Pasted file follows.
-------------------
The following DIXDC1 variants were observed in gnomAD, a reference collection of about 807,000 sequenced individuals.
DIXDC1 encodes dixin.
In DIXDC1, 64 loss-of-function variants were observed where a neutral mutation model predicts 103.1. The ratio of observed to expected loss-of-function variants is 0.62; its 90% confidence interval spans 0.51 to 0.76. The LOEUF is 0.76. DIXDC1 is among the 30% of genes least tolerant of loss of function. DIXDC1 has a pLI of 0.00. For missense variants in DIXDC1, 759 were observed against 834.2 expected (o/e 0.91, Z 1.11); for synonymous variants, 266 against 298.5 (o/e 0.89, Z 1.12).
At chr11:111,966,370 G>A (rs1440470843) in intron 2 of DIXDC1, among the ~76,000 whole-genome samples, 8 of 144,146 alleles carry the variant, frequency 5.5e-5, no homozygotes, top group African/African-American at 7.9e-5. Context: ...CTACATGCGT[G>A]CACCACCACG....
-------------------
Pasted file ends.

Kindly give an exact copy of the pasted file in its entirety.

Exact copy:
The following DIXDC1 variants were observed in gnomAD, a reference collection of about 807,000 sequenced individuals.
DIXDC1 encodes dixin.
In DIXDC1, 64 loss-of-function variants were observed where a neutral mutation model predicts 103.1. The ratio of observed to expected loss-of-function variants is 0.62; its 90% confidence interval spans 0.51 to 0.76. The LOEUF is 0.76. DIXDC1 is among the 30% of genes least tolerant of loss of function. DIXDC1 has a pLI of 0.00. For missense variants in DIXDC1, 759 were observed against 834.2 expected (o/e 0.91, Z 1.11); for synonymous variants, 266 against 298.5 (o/e 0.89, Z 1.12).
At chr11:111,966,370 G>A (rs1440470843) in intron 2 of DIXDC1, among the ~76,000 whole-genome samples, 8 of 144,146 alleles carry the variant, frequency 5.5e-5, no homozygotes, top group African/African-American at 7.9e-5. Context: ...CTACATGCGT[G>A]CACCACCACG....